Suing for Verbal or Emotional Abuse in a Nursing Home

By HGD Staff

When most people think of nursing home abuse, they think of obvious and catastrophic physical injuries. In reality, there are a lot of different ways that a vulnerable senior living in a nursing home facility can be subjected to abuse. One of the most insidious and frightening ways that abusers can hurt residents is through verbal and emotional abuse.

So, what makes verbal and emotional abuse so terrifying and serious? In short, it is because the victim is trapped in an institutional setting, where the abuser may be their sole source of food, medical care, and even the source of medications necessary for survival. According to a 2000 report, 95% of nursing home residents polled stated that they had either been abused or witnessed abuse.

At Heninger Garrison Davis, our nursing home abuse lawyers are ready to fight to make sure vulnerable seniors are protected. If you believe a loved one is being abused in a nursing home, or you have lost a loved one due to poor medical care or neglect, you have the right to seek compensation for the injuries and loss. Call us today to speak with someone free of charge.

What is Verbal and Emotional Abuse?

Verbal abuse can take many forms, but at its core, it is using threats, hate speech, insults or ridicule in order to embarrass, shame, intimidate, or control another person. Here are a few common examples:

  • A staff member gets frustrated at how frequently a senior needs toileting assistance and begins verbally insulting or making fun of the resident
  • Out of frustration or just pure cruelty, a nurse threatens to withhold medications just to scare a resident
  • A cleaning person uses racial slurs toward an elderly resident

While these are just a few examples, rest assured they have happened. Sadly, it can be difficult to identify the signs of verbal and emotional abuse.

A Nursing Home is Meant to be the Resident’s Home

When it comes to elderly nursing home residents, it is critical to understand that a nursing home is not the same as a hospital. It is called a nursing “home” for a reason. It is not a healthcare facility where the individual will spend a day or two then head home. Instead, nursing homes are also aptly called “long-term skilled nursing” facilities. A person goes to a skilled nursing facility for long-term rehabilitation or possibly a final admission during the end of life. There is an expectation that the facility – in particular, the resident’s room – will be treated as a private space akin to a home. In fact, it is more than an expectation; federal law guarantees it.

Nursing Home Resident Rights

Under federal regulations, a resident has a right to privacy in his or her own room and the right to a home-like environment. Many states add additional rights in order to guarantee that a mistreated resident will have adequate legal options if their rights under the law are violated.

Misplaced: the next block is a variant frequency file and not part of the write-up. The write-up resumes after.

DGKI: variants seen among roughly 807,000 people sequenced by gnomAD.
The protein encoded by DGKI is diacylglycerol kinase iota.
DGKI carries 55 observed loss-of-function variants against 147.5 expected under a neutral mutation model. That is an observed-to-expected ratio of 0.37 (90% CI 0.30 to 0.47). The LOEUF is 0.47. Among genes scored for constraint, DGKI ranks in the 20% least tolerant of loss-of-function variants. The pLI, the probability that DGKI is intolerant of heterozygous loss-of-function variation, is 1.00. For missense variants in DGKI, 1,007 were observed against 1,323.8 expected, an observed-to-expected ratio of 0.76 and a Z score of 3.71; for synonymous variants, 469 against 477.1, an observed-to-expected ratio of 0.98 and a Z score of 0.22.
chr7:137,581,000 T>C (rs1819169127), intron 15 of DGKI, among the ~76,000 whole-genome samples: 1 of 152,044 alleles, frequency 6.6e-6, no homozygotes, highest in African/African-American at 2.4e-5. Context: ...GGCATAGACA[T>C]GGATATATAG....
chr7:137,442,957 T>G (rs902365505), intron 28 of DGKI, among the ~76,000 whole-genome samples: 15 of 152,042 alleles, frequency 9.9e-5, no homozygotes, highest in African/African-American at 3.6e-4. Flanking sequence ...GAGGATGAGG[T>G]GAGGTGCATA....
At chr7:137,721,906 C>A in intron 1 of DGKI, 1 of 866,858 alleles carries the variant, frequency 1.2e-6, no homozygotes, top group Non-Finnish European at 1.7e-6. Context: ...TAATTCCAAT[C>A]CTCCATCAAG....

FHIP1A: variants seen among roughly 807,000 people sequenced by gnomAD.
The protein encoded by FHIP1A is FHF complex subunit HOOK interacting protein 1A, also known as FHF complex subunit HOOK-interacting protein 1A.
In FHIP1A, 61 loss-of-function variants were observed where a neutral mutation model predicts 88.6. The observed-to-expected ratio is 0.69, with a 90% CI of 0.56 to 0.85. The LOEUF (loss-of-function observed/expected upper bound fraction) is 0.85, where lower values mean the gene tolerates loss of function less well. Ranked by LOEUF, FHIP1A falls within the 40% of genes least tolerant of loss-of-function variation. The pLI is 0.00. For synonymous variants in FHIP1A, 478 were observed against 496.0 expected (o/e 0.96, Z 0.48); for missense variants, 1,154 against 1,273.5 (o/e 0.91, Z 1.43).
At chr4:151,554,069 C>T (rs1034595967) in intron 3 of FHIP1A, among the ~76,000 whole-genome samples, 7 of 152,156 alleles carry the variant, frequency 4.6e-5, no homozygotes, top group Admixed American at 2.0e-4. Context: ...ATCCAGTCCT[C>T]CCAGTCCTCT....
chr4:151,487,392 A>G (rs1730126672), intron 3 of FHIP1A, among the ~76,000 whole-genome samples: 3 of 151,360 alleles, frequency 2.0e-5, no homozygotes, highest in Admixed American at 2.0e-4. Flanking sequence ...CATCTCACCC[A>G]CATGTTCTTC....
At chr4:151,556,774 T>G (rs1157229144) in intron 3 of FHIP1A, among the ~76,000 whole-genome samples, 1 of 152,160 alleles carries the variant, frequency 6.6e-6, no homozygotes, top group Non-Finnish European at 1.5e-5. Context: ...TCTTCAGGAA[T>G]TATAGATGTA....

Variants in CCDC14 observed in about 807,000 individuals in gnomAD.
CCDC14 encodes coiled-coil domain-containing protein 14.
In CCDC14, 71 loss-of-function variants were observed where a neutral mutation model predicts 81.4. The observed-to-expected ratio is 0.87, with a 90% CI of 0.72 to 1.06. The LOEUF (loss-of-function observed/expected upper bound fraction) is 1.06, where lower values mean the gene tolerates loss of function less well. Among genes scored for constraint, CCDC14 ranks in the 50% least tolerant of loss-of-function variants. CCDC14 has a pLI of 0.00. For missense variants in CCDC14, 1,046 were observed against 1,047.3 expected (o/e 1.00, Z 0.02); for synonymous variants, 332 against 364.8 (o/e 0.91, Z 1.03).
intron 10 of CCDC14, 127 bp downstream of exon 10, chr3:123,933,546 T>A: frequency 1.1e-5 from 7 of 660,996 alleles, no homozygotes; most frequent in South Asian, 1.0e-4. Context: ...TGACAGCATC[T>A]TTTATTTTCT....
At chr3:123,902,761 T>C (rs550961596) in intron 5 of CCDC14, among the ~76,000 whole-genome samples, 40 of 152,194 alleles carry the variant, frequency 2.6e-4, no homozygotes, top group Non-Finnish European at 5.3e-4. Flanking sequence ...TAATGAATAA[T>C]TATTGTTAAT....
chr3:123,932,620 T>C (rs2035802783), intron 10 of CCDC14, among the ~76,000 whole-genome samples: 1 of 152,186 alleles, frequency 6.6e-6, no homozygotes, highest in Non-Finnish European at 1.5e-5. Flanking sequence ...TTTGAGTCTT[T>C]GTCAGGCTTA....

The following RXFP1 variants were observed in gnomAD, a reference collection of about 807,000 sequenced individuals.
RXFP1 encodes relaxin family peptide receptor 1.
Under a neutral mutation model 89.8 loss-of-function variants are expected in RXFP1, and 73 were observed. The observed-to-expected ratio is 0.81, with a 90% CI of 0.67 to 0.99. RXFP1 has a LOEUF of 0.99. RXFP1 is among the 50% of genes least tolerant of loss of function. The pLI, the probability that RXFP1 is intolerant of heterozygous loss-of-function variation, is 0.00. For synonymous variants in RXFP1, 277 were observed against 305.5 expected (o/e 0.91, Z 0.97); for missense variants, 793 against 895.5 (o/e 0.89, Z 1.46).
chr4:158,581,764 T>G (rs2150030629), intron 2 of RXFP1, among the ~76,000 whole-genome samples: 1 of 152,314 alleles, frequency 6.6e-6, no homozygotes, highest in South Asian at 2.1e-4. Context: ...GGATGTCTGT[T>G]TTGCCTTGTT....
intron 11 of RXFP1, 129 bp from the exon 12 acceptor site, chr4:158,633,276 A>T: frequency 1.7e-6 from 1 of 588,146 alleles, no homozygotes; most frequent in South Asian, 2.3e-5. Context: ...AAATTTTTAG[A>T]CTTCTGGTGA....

How to Recognize the Signs of Verbal and Emotional Abuse

A senior living with constant abuse may act in ways that do not always make sense at first. Here are a few major red flags to watch for:

  • Some residents become withdrawn or tell family members not to visit. This can seem counterintuitive because one would expect a resident to want protection and comfort from loved ones. However, feelings of shame, frailty, and embarrassment can cause a senior to avoid contact with loved ones. Likewise, if staff are threatening the senior, he or she may simply seek to avoid situations that seem suspicious to the staff.
  • Refusing Food or Medicine. Another strange but common warning sign is a physical manifestation of withdrawal. In addition to avoiding loved ones, the senior may, in fact, choose to stop medical care or cease eating, socializing, or rehabilitation efforts. In some cases, this is a deliberate form of suicide. In other instances, it is an unconscious attempt to remove the painful stimuli by simply not asking for things. In this resident’s mind, if he or she does not ask for things, the staff will have no reason to continue the abuse.
  • Abnormal Behavior Around Certain Staff. If your loved one becomes guarded or visibly disturbed when a specific staff member is around, this could be a sign of abuse.

What to do About Abuse

Ultimately, you have the power to put an end to abuse. If you suspect abuse, you should report it to your state’s elder abuse hotline. It must be posted in the facility. You can report by phone or via e-mail and letter. Here are a few for your reference:


New York       Abuse Hotline             (888) 201-4563           (available 24/7)


New Jersey   Abuse Hotline               (800) 792-9770           (available 24/7)


Georgia           Abuse Hotline             (866) 55-AGING        (M-F 8:00am – 5:00pm)


Alabama          Abuse Hotline             (800) 356-9596           (M-F 8:00am – 5:00pm)

Next, call Heninger Garrison Davis to speak with an attorney for free. We can help you better understand your rights and options. In many cases, an abused senior may have a right to compensation. If your loved one has died, and you suspect abuse may have played a role, then his or her estate may be entitled to compensation, as well. Give us a call to discuss your concerns today.











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